Oceana welcomes historical step to save Mediterranean fish stocksAll Press Releases…
Mediterranean countries today firmly undertook to restore fisheries to sustainable levels
May 20, 2014
Contact: Marta Madina ( [email protected] )
Almost 80% of fish stocks in the Mediterranean Sea are overfished
Rome - Today, high-level officials representing Mediterranean countries, including Maria Damanaki, EU Commissioner for Fisheries and Maritime Affairs, expressed their commitment to put an end to overfishing in the Mediterranean Sea while considering marine ecosystems and preserving fragile habitats. This historical step has been taken within the UN FAO General Fisheries Commission for the Mediterranean (GFCM), whose annual meeting is being held this week in Rome, Italy.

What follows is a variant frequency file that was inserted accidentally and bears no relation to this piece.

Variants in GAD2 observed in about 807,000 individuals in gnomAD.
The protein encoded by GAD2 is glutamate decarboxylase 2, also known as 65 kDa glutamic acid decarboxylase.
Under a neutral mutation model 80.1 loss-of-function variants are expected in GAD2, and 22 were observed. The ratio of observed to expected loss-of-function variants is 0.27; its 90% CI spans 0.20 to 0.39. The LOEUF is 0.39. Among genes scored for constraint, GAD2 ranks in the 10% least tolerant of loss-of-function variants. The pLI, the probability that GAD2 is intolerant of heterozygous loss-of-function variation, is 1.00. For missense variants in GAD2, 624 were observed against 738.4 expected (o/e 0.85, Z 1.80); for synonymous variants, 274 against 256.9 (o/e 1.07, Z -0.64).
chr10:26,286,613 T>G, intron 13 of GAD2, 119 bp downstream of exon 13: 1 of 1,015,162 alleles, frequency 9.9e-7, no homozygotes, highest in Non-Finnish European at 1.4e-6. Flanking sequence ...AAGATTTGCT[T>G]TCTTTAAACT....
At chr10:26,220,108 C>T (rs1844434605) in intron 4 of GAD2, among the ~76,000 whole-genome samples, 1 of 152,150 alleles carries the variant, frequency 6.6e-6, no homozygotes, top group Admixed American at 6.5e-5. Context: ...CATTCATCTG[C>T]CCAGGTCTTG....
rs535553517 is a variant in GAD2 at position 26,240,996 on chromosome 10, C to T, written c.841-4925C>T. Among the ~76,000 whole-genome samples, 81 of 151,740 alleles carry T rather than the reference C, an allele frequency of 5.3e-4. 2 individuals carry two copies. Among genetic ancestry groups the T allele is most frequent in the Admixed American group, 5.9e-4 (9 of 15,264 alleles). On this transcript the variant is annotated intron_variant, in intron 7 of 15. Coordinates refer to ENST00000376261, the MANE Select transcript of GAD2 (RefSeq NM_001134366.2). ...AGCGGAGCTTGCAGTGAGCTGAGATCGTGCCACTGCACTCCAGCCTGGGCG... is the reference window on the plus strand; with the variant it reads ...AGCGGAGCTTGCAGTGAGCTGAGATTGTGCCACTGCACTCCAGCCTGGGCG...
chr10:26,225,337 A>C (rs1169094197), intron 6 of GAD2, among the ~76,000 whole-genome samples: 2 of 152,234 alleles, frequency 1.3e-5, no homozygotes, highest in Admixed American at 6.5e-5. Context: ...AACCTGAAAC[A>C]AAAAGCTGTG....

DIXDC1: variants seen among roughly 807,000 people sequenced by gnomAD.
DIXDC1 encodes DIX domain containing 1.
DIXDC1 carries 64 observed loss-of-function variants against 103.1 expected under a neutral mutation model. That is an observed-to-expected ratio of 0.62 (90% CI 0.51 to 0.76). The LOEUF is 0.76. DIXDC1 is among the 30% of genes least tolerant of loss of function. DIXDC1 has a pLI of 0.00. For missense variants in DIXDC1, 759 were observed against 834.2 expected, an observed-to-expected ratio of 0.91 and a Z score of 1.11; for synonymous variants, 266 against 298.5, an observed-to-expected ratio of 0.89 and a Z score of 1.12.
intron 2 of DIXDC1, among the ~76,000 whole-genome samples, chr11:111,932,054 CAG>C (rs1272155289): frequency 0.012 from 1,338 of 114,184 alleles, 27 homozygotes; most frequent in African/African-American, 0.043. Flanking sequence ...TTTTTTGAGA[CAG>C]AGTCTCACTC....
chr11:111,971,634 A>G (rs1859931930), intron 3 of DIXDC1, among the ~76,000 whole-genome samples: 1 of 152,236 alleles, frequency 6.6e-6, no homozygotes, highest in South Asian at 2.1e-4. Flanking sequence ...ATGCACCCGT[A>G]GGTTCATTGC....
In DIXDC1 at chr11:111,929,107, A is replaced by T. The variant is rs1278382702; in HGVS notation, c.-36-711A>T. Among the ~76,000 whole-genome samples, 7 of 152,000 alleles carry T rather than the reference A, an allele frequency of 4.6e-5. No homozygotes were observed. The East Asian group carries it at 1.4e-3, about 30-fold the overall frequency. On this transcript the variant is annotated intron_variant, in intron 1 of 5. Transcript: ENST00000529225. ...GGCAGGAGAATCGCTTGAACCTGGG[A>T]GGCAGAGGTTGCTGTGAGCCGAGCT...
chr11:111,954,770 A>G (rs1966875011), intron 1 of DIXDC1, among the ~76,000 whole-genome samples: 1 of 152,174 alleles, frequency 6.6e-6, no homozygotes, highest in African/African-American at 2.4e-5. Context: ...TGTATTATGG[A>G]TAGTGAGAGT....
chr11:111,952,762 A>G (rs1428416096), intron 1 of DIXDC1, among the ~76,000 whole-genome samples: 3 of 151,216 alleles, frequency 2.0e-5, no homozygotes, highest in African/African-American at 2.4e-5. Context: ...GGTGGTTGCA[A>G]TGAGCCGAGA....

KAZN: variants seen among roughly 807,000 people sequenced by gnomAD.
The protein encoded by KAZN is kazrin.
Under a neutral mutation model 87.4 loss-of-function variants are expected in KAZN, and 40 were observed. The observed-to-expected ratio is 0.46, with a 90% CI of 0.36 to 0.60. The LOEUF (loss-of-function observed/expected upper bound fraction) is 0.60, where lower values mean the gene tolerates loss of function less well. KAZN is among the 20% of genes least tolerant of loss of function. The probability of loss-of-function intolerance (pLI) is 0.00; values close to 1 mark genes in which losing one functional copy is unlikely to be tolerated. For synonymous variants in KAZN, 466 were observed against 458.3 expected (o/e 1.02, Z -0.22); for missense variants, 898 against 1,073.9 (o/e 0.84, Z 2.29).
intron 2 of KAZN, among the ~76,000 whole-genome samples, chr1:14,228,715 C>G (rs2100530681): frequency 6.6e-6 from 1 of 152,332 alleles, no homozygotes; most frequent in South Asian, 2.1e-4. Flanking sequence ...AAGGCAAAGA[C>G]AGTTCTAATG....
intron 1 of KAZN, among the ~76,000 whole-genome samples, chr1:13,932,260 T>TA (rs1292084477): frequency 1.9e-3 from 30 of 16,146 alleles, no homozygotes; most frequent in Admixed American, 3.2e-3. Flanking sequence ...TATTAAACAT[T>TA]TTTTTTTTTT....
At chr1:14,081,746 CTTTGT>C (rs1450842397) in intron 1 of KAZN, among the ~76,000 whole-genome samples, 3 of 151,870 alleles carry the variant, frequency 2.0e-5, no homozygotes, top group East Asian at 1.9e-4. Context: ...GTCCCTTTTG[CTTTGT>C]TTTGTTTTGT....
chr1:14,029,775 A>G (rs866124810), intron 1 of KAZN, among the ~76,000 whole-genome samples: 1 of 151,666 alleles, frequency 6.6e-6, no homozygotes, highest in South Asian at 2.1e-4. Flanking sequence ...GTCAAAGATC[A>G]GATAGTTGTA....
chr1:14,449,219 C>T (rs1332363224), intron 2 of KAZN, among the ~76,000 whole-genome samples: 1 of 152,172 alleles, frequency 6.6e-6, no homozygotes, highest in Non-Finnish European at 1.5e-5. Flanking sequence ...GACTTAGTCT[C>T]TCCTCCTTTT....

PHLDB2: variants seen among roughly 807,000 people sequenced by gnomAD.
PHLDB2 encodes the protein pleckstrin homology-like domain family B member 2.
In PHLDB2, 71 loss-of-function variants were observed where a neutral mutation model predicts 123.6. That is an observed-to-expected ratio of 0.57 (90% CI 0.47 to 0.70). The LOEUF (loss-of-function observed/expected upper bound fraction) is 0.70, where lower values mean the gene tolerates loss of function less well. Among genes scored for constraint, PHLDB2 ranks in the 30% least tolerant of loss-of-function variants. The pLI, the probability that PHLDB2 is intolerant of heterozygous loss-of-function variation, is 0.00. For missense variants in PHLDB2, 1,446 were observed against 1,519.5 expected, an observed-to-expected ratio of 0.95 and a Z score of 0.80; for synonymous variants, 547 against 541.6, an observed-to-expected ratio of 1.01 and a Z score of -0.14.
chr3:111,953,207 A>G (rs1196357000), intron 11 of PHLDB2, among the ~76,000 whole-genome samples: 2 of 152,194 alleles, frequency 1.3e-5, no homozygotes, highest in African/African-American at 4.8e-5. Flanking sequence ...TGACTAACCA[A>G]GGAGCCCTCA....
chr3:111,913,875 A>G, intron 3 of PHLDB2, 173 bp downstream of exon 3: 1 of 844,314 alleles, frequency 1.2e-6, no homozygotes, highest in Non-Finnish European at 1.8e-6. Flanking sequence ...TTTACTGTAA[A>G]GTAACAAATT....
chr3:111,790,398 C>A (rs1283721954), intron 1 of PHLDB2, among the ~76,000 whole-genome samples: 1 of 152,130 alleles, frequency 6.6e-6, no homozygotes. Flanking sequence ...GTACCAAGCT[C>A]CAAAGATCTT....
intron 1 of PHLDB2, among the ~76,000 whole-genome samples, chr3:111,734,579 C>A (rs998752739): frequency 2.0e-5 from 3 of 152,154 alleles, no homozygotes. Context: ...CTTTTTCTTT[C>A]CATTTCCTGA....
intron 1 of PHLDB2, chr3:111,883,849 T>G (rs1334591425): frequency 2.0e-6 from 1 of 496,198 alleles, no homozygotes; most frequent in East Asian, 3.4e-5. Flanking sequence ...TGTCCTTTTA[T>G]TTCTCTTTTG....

Oceana, the international marine conservation organization that has been participating as an observer in this process since its inception, has strongly welcomed this long-awaited step. “In 1949 Mediterranean riparian states agreed to manage fish stocks”, stated Xavier Pastor, Executive Director of Oceana in Europe. “More than 60 years later fisheries remain unmanaged and almost 80% of stocks are overfished. Today, we can finally celebrate that the GFCM has not turned a deaf ear to the alarms and we welcome its strong stance, which we hope will turn the tide for the future of Our Sea”.
The Contracting Parties have worked on a new GFCM Agreement text, including new significant changes that now will have to be properly implemented. The text will be formally endorsed by the Parties next Saturday. In particular, Oceana welcomes:
- Adoption of multiannual plans to achieve the sustainable management of stocks –more fish at sea, fisheries more profitable.
- Definition of Fisheries Restricted Areas (FRAs) for the protection of Essential Fish Habitats - spawning and nursery grounds of commercial species- and Vulnerable Marine Ecosystems, within or outside Management plans
- Adoption of the precautionary principle when managing stock –precaution will apply even in the absence of information.